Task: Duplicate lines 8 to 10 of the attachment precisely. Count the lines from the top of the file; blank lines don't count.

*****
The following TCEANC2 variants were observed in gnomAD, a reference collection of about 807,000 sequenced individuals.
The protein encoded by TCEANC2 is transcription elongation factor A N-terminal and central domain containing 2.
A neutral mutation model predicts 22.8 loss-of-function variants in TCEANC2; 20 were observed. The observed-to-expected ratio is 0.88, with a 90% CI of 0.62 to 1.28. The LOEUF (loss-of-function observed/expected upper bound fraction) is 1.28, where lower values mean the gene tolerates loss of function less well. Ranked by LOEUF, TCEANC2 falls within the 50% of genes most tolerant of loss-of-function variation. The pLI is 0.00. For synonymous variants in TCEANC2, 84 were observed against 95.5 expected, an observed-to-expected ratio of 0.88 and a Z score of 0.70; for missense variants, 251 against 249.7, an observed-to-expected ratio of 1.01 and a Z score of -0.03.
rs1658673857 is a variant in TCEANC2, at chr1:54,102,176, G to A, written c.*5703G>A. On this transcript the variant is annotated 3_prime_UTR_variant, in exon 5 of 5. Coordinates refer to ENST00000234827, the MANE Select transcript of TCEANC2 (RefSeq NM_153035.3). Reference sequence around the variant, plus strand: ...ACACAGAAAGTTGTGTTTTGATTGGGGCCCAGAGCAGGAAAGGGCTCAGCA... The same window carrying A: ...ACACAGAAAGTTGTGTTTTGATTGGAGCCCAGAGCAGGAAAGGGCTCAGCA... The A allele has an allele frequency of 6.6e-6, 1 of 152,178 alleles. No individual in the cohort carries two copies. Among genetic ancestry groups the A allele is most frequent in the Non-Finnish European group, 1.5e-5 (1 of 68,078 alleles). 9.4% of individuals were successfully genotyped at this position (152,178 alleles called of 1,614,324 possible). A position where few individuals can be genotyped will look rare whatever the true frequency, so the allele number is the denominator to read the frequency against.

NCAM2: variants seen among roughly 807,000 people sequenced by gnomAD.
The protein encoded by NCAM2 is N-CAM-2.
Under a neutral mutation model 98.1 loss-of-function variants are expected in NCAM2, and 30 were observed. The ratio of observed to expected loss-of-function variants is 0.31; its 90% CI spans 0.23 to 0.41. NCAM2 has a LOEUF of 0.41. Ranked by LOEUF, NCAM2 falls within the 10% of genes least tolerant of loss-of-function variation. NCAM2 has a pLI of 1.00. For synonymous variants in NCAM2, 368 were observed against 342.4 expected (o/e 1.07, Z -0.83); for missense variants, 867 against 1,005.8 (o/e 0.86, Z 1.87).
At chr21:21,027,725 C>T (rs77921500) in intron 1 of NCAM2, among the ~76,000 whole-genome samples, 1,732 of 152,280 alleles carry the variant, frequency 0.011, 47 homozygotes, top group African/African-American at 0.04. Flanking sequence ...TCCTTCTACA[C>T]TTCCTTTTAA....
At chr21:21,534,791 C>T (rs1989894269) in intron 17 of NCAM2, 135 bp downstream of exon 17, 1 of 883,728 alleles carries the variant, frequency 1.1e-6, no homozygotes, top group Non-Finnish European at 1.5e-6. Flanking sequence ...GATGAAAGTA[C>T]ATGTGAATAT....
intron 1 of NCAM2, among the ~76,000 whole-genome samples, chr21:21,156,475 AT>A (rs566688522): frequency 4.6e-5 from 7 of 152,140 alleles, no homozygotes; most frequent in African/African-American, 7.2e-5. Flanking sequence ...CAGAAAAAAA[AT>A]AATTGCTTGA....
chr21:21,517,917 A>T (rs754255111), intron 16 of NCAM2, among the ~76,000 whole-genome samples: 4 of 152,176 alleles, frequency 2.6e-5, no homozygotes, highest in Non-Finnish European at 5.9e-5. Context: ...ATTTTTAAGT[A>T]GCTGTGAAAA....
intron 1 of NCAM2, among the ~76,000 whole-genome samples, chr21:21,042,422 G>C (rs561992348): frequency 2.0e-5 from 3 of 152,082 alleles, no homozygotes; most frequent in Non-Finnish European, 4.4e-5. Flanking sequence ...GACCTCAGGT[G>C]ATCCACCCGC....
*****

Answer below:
At chr21:21,027,725 C>T (rs77921500) in intron 1 of NCAM2, among the ~76,000 whole-genome samples, 1,732 of 152,280 alleles carry the variant, frequency 0.011, 47 homozygotes, top group African/African-American at 0.04. Flanking sequence ...TCCTTCTACA[C>T]TTCCTTTTAA....
At chr21:21,534,791 C>T (rs1989894269) in intron 17 of NCAM2, 135 bp downstream of exon 17, 1 of 883,728 alleles carries the variant, frequency 1.1e-6, no homozygotes, top group Non-Finnish European at 1.5e-6. Flanking sequence ...GATGAAAGTA[C>T]ATGTGAATAT....
intron 1 of NCAM2, among the ~76,000 whole-genome samples, chr21:21,156,475 AT>A (rs566688522): frequency 4.6e-5 from 7 of 152,140 alleles, no homozygotes; most frequent in African/African-American, 7.2e-5. Flanking sequence ...CAGAAAAAAA[AT>A]AATTGCTTGA....